Minister for Foreign Affairs Simon Coveney has said Government preparedness for Brexit is well advanced.
He is giving an update on negotiations and answering questions at the Oireachtas Joint Committee on European Union Affairs.
Mr Coveney said the Withdrawal of the United Kingdom from the European Union (Consequential Provisions) Bill 2020 is complex with 21 parts and will come before the Oireachtas in the coming weeks.
He said the range of ministers involved shows how big the bill is and how wide ranging it is.
Mr Coveney said that in terms of the negotiations between EU chief negotiator Michel Barnier's taskforce and UK team led by David Frost, it is pretty clear at this stage there are major obstacles to get a very basic trade deal.
The ambition last year in terms of the political declaration was to have a partnership.
"It is quite clear we are not going to get a permanent and comprehensive agreement on a future relationship," he said.
One obstacle is around the level playing field declarations, which he said was now almost a toxic term in Westminster "a bit like the backstop" .
He said Mr Barnier was right not to move the negotiations into the next so-called 'tunnel' stage because he said without a model in place to deal with any disputes, the potential is there for a future British govt to decide to de-regulate its own market and create its own rules around competitive advantage.
He said fisheries is another issue and that the hope was to get an agreement by summer - he said the position on fishing has hardened on both sides.
Mr Coveney said there is no justification for the UK's Internal Market Bill
He said he felt it is something that has backfired not only in the UK but 'further afield as well'.
He said the British government's upcoming Finance Bill it would give a British minister the final say on what would be on a "goods at risk" list which he said would be a "complete breach" of the protocol and of International law.
"If the Finance Bill is introduced with that provision in it, I think many in the EU will see it as an indication that the British Government simply doesn't want a deal," he said.
Mr Coveney said he thinks there will be "significant resistance" to the UK's Internal Markets Bill in the British House of Lords.
He said he sees Britain as a country that upholds international law.
He said there is legal expertise in the House of Lords that will delve into this in some detail, and that he thinks the legislation will get a "rough ride" through the Lords but was clear he did not want to predict the outcome.
Mr Coveney, meanwhile, said in the last number of weeks the Revenue Commissioners have written to around 90,000 businesses, followed up with 15,000 phone calls to give a Brexit 'check list'.
He said the bulk of trade companies who are involved in import and export to the UK markets are gearing up for what may come - he said 96% of Irish companies who export to the UK have registered with around 94% of those who import from the UK have registered for their EORI numbers.
In terms of preparedness, he said there are no extensions being discussions and the only question being asked is are we ready for it.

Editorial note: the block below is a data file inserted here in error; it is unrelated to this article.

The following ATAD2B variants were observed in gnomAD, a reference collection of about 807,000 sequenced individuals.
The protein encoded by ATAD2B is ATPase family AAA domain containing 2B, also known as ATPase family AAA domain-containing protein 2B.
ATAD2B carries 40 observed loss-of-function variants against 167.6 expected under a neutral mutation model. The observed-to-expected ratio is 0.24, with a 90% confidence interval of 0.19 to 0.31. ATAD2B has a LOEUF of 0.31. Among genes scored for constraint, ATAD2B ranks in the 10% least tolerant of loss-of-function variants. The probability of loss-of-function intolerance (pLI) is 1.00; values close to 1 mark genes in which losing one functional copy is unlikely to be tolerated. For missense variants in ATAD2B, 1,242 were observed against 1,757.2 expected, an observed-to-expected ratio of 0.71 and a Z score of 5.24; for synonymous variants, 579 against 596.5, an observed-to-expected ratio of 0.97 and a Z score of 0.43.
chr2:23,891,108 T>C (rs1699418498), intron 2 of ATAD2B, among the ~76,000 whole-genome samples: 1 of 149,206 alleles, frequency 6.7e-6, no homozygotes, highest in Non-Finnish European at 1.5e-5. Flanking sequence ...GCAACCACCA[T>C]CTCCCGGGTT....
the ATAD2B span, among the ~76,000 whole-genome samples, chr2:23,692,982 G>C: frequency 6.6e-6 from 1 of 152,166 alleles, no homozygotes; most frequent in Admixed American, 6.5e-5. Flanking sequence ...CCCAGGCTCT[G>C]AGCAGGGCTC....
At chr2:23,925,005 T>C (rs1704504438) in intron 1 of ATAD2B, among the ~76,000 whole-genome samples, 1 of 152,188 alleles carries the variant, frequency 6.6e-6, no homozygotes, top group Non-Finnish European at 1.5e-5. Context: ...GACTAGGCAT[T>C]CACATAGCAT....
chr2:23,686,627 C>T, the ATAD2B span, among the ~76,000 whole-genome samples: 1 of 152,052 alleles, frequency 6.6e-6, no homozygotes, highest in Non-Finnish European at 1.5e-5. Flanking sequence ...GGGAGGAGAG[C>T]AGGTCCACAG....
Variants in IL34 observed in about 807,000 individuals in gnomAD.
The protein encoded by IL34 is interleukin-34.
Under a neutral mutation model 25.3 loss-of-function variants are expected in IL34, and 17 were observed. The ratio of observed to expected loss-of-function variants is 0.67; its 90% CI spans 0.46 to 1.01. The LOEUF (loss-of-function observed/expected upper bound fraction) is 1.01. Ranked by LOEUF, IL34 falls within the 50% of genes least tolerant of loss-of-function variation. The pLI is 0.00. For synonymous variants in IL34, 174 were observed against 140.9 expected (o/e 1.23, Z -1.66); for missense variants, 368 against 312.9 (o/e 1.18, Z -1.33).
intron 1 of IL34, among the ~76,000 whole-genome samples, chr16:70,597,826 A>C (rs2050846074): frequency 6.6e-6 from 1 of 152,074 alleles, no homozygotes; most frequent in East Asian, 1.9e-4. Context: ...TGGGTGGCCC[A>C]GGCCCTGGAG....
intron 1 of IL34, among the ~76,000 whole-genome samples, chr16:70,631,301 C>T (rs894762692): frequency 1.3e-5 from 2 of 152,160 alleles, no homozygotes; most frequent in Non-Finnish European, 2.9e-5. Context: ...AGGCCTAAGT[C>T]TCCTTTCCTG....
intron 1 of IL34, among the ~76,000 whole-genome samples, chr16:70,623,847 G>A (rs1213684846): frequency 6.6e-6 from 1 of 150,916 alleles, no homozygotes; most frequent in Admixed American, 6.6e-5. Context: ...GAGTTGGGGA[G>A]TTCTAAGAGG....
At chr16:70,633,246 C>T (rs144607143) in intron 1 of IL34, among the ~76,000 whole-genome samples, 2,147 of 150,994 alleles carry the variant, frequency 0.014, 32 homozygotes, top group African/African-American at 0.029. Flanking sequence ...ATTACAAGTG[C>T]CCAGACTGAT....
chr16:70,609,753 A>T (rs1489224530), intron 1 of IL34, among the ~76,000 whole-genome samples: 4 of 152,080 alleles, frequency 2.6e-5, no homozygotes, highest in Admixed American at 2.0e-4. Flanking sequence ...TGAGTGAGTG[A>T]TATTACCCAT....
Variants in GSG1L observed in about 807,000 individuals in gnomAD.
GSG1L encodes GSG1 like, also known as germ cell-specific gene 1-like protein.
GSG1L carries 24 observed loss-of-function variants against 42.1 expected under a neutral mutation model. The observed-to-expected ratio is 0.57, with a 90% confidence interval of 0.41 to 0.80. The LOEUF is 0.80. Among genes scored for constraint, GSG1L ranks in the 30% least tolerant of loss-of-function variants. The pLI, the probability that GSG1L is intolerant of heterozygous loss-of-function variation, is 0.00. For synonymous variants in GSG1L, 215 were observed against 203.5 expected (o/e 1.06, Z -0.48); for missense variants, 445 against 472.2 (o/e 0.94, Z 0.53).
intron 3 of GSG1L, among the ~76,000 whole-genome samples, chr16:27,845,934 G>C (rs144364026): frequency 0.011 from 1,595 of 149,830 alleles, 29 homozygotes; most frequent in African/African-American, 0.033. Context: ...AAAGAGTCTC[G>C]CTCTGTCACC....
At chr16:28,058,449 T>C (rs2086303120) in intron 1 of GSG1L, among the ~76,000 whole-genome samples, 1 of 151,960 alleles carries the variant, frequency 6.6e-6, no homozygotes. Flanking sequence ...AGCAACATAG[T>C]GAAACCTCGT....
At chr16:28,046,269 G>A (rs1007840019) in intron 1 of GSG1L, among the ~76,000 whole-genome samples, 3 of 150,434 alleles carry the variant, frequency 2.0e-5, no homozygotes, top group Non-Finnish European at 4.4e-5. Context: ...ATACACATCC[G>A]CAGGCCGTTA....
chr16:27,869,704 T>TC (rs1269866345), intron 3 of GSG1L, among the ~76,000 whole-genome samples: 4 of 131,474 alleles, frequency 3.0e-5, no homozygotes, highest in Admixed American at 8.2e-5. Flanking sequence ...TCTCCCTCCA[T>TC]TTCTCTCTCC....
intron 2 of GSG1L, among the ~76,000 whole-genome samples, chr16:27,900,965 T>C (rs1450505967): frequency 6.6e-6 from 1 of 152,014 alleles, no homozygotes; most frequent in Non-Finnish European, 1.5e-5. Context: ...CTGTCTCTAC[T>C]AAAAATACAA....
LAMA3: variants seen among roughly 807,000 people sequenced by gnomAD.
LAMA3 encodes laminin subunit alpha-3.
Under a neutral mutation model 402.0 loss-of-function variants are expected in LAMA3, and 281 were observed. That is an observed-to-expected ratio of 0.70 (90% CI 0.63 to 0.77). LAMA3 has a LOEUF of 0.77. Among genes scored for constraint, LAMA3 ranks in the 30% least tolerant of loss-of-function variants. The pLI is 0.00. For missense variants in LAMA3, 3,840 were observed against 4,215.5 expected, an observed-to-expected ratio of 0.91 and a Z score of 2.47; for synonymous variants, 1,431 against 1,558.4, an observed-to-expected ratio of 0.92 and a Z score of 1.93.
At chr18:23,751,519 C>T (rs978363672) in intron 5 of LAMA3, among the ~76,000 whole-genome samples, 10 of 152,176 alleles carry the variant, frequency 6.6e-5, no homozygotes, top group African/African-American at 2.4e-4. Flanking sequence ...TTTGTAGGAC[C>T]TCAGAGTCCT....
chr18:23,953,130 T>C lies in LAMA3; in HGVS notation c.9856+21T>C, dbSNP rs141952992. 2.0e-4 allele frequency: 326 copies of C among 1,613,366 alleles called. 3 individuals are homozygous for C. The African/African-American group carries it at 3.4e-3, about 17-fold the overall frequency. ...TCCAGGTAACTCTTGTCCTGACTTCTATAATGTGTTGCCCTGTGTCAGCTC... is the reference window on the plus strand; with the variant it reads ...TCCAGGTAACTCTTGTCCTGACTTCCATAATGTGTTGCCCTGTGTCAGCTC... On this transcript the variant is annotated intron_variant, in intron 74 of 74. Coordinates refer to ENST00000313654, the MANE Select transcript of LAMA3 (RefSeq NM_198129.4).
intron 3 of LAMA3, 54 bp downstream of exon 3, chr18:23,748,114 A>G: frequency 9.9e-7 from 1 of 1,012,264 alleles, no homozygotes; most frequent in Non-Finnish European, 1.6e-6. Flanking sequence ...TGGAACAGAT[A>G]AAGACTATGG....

He said there in terms of physical infrastructure at Northern Ireland's ports, Minister Coveney said the work has been left 'terribly late' compared to the work being done at Ireland's ports.
He said Dublin port will be ready by 1 January in terms of facilities including animal checks, cold storage, inspection bays.
Mr Coveney said he hoped the North's ports would be ready by the end of the year but he suspected it would "temporary arrangements".
Asked by Labour TD Brendan Howlin about ferry freight capacity in the event of a no deal and the land bridge of the UK not being used, Mr Coveney said he understands routes including Dublin Port, Waterford, Rosslare, are operating at 40% capacity so that if needed, it is there.
He said a daily service between Rosslare and a major French port would be helpful, but that while the Government has intervened somewhat whether they would subsidise new routes is not something he thought would be helpful.
Continuing to take questions from members of the Committee on European Union Affairs, and particularly on the fisheries part of the Brexit negotiations, Mr Coveney said the mandate Mr Barnier has is a very tight one in terms of shared stock.
He said the UK has made promises to their fishing industry in terms of increased access to catch numbers which he said creates a very difficult negotiation and something that is very difficult to envisage.
Mr Coveney said it is a big obstacle and that the British government should not underestimate the strength of feeling around fisheries; particularly he said those Atlantic countries like Ireland, Spain, Portugal and France and Nordic countries.
Mr Coveney said most of the fish caught in Scottish waters are mackerel that spawned off Galway so it is "ridiculous" to draw a line and say the fish that swim on this side are ours and on that side are yours.
He said nobody owns the stock, it is a transitory stock that moves between territories.